The fault is not all on sports teams, or a certain age group. As Biddeford has aged, so have the traditions, and some have also fallen out of style. Neumann thinks it may be due to the certain seasons and hype around each sport that the students show.

“It is more so students during some seasons such as the fall and possibly even winter, because the Beak Squad supports the main events,” said Neumann. “But adults have had to encourage the Tiger Pride at other times when it should’ve been a natural instinct.”

Curit on the other hand, thinks that having the drive and competitiveness to win is integral to Tiger Pride and success.

“I think it [Tiger Pride] wanes when we’re not competitive, and we’ve had sort of a bad bout,” said Curit. “But now think about this: hockey we’re getting better, softball we’re getting better, football I expect to be one of the best teams this fall, and I think that stuff [the bad bout] happens when we’re not competitive.”

Roy also believes that the shift in Tiger Pride is present for certain teams.

“It’s not a community Tiger Pride [anymore],” said Roy. “There’s Tiger Pride within certain teams, but it’s not together.”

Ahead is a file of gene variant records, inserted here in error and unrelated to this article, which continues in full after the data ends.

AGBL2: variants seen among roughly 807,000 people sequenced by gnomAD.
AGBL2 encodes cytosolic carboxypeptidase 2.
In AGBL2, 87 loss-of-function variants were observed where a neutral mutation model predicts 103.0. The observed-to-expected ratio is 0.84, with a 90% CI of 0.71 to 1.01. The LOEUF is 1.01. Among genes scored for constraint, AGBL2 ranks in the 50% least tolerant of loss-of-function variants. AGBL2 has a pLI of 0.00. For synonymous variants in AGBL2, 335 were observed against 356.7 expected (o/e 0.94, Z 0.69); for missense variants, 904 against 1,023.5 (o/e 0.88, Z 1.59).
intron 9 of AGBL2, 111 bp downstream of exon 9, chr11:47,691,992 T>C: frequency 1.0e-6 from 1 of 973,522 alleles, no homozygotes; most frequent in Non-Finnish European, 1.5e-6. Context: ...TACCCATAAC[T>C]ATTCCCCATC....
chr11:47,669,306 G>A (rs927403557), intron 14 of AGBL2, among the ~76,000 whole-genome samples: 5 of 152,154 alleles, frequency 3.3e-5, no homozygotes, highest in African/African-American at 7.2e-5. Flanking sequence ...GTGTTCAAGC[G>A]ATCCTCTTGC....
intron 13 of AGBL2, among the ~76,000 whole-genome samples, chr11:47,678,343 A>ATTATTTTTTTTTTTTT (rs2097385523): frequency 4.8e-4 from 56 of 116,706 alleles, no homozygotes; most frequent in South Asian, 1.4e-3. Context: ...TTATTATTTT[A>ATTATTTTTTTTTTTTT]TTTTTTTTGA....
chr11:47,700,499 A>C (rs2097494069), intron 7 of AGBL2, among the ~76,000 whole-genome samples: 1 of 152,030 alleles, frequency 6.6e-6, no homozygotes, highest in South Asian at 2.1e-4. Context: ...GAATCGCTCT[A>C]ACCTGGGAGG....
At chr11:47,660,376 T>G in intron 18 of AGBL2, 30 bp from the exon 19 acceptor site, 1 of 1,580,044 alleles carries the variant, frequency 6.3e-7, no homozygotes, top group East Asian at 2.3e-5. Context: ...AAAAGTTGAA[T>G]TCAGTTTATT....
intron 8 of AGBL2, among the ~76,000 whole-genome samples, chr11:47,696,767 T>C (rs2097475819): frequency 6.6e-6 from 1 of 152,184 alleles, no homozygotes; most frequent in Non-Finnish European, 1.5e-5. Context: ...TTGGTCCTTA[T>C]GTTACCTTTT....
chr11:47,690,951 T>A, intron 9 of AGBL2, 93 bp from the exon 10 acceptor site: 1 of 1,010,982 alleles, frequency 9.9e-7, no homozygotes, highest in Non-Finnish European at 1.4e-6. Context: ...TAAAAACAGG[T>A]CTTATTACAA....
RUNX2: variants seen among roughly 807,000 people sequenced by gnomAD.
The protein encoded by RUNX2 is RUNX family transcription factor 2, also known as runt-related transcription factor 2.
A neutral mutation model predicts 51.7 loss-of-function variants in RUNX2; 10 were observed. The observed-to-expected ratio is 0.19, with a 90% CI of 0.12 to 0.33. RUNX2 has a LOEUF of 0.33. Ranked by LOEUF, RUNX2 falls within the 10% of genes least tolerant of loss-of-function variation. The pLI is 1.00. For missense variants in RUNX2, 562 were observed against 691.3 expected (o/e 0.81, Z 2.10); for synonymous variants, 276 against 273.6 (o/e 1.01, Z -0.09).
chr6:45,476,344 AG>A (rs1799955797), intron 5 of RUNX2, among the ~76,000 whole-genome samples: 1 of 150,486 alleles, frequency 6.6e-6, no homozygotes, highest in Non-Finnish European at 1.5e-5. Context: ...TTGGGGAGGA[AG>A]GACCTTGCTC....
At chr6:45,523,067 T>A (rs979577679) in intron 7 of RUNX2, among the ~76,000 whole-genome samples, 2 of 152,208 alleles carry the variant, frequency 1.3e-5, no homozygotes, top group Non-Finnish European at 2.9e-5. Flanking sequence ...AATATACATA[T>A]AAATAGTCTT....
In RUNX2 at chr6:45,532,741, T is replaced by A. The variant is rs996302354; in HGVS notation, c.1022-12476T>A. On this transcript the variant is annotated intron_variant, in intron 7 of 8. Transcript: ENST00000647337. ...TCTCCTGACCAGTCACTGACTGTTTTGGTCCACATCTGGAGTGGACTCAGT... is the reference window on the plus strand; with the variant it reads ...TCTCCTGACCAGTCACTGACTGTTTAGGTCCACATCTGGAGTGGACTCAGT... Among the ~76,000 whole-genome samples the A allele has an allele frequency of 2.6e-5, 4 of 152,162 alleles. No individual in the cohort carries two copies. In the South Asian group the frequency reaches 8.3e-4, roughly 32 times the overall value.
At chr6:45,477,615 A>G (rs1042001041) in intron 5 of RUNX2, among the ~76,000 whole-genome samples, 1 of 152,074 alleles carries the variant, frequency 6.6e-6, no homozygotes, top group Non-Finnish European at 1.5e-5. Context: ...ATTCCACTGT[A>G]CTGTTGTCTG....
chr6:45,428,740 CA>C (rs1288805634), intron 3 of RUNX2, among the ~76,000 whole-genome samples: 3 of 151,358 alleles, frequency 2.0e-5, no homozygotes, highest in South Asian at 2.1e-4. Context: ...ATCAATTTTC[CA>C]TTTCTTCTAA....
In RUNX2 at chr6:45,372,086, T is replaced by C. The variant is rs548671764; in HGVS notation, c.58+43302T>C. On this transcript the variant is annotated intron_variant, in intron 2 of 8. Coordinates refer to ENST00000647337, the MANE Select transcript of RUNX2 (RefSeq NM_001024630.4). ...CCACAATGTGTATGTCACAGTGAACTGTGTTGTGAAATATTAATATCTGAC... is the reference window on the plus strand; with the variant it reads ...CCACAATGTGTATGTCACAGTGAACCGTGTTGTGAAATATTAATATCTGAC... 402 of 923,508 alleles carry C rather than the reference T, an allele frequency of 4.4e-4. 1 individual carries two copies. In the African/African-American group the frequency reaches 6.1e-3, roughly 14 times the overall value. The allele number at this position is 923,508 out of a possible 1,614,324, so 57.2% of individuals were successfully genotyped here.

Even so, these main events create a bias for support of teams. For athletes like Neumann, it can create mixed emotions about how supporting your high school teams and friends can turn into social hour.

“Tiger Pride is biased towards sports such as hockey and football,” said Neumann. “This is because the Beak Squad attends these games only [as a full squad]. I feel like people go to games as social periods, and not time to actually embrace Tiger Pride and support your team.”

Since the deterioration of school spirit, Neumann ever so slightly sees the community starting to deteriorate as well compared to previous years.

“A long time ago, students and the community in general attended almost all sporting events,” said Neumann. “But the loss of Tiger Pride has made these events almost [seem] worthless.”

To Neumann, the whole concept of togetherness has taken on a new role, and not for the better.